Saturday, March 24, 2007

Books That May Warrant
By Andrew Cockburn
And our favorite book title of the month:
(now we know what to get Jill for Mother's Day).


At 1:17 PM, Blogger Jill said...

Thanks for the thought, John. :) I've not heard of that book, I don't think - will have to take a look.

At 3:52 PM, Blogger John Ettorre said...

What makes it doubly interesting is that it appears to be a very scholarly work (published by Oxford University Press, about as scholarly as you can get) though blessed with a sense of humor and irony.

At 5:24 PM, Blogger Jeff Hess said...

Shalom John,

I was pumped about the Mosley book (he's one of my favorites) but then I read the review.

I am, however, enjoying Keyes "The Courage To Write."



At 6:31 AM, Blogger John Ettorre said...

Hey, Jeff, glad you found the Keyes book worthwhile. I really liked it as well. For those who didn't catch the earlier outtakes from that book (the author, Ralph Keyes, even stopped by to leave a comment), you'll find them here:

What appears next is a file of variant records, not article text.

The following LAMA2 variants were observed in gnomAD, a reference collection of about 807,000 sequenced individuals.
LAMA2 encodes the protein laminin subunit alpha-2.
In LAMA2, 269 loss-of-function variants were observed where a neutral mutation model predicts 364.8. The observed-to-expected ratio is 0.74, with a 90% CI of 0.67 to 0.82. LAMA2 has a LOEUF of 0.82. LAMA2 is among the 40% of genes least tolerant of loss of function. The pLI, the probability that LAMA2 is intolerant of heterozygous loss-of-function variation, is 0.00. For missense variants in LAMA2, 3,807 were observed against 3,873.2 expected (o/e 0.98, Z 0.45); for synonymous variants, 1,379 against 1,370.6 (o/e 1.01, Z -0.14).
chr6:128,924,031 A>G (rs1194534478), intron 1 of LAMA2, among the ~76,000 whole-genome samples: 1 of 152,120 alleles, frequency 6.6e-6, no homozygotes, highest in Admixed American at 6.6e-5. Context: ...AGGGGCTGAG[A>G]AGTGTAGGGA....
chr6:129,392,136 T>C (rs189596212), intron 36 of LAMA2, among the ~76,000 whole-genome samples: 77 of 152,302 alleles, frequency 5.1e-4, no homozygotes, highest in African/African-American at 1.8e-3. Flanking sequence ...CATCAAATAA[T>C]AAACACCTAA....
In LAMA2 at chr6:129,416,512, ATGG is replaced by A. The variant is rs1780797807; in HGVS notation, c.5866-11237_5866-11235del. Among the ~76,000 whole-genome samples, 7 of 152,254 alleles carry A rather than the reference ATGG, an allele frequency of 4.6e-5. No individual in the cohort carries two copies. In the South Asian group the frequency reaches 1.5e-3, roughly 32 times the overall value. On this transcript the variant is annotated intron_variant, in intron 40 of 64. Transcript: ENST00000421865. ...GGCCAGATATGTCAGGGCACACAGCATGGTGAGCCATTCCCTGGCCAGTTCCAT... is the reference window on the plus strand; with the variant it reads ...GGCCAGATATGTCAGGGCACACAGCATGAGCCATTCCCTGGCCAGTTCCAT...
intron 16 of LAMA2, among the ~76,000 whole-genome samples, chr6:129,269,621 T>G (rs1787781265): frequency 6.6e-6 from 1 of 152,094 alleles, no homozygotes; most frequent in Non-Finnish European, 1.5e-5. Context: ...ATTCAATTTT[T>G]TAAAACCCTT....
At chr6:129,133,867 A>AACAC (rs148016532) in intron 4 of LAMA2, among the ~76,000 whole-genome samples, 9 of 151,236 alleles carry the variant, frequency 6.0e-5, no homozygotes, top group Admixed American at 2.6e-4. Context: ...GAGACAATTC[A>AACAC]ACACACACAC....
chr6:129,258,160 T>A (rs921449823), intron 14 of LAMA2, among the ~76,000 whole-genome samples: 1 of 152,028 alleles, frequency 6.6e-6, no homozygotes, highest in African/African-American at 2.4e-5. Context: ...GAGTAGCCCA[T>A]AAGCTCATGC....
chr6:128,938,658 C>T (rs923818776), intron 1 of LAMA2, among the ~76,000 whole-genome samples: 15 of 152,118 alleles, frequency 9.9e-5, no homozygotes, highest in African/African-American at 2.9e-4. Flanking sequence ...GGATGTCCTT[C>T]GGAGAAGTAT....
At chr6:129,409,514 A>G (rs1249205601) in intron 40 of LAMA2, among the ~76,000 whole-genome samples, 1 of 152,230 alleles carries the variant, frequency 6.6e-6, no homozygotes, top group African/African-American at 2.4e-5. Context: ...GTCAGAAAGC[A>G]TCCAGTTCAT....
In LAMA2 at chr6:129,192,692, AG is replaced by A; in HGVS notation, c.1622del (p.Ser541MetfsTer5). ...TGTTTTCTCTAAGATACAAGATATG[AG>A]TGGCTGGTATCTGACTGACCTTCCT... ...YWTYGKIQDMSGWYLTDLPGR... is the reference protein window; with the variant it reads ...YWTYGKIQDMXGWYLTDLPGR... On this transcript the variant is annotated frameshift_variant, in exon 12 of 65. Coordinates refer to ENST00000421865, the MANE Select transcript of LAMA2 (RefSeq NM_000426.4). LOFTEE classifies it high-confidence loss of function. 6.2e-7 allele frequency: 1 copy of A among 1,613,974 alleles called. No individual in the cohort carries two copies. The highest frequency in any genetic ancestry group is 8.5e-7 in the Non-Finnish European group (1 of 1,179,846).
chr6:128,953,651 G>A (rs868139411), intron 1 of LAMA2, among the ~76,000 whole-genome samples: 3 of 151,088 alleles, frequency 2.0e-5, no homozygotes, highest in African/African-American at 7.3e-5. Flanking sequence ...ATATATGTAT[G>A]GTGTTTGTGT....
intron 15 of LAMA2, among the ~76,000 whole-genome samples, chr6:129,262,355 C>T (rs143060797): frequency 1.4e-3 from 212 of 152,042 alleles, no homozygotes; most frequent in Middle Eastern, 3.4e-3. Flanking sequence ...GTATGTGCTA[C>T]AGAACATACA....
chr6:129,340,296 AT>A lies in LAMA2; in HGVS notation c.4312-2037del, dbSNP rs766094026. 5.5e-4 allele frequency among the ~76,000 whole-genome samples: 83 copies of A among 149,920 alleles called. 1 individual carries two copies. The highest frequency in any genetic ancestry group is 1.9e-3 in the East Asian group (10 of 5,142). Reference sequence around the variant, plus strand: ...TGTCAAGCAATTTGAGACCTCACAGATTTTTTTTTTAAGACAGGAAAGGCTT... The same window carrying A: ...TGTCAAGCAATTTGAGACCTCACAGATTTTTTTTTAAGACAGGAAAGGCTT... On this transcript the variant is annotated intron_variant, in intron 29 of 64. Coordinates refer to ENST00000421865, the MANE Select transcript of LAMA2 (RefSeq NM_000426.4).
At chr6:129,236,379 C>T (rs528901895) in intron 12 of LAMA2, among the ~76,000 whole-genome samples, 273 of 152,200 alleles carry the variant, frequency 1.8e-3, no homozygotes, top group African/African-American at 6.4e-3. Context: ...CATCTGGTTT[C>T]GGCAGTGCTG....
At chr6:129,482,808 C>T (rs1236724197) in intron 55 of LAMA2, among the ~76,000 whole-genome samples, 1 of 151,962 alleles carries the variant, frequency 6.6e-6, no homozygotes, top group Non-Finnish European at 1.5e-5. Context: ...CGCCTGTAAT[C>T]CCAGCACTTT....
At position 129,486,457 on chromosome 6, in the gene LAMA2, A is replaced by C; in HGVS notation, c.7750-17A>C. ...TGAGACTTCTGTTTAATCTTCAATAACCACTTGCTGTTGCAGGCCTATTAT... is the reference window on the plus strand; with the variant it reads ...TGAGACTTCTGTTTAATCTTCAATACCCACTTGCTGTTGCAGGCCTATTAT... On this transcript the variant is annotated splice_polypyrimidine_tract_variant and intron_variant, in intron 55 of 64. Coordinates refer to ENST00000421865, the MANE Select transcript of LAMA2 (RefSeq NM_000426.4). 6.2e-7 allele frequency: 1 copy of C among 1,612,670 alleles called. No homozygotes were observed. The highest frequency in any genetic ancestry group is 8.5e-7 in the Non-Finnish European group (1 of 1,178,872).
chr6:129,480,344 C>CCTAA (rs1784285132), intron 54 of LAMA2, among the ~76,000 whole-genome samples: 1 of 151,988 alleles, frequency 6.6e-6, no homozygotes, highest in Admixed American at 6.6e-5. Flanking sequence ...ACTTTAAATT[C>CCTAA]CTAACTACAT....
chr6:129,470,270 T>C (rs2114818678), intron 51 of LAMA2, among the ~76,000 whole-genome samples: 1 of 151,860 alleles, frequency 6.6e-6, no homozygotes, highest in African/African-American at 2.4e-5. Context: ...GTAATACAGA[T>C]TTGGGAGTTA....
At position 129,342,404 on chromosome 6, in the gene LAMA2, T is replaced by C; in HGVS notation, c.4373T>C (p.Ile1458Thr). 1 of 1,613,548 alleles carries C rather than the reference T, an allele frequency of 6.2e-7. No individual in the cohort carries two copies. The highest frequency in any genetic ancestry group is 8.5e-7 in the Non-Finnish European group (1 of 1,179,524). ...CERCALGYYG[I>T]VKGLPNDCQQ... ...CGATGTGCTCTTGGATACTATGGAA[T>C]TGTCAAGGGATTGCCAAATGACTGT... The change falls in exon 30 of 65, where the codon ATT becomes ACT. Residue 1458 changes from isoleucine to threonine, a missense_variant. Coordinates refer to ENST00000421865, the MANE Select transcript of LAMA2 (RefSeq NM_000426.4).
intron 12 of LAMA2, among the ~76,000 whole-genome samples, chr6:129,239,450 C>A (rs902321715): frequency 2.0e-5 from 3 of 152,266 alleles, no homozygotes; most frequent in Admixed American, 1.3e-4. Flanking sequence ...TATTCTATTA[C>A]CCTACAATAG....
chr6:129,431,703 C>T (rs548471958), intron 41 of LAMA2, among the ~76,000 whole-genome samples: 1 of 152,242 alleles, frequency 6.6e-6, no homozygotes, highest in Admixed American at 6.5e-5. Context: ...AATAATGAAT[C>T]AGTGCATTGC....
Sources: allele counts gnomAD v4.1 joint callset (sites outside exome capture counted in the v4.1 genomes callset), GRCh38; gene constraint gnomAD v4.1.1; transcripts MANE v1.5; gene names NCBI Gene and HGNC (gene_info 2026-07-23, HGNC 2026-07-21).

At 9:09 AM, Anonymous Anonymous said...

maybe you could infuse your love for words with love for thoughtfulness. the world may be a better place.

At 2:27 PM, Anonymous Anonymous said...

I thought you would add the Ray Nagin book and the John Feinstein book about chosing the Final Four. What about Russ Schneider book on the Indians or may be the Tom Filsinger book on wrestling. You are leaving out books that mainstream readers love. mfh

At 2:47 PM, Blogger John Ettorre said...

I know you're just busting my balls in your unique way, leveraging our years of shared inside jokes to do so. But for the uninitiated (basically everyone besides you and me, MFH) I was mentioning new books that might hold some interest. All the books you mentioned have been out for at least a year.

In a more serious vein, the Ray Nagin book you refer to is the classic (if quickly rendered) first rough draft of the Katrina story, historian Douglas Brinkley's "The Great Deluge." It includes some hilarous if shameful detail about how derelict in his mayoral duties Ray Nagin was in the days leading up to the disaster. You can learn more about the book (or even purchase it, if you like) here:


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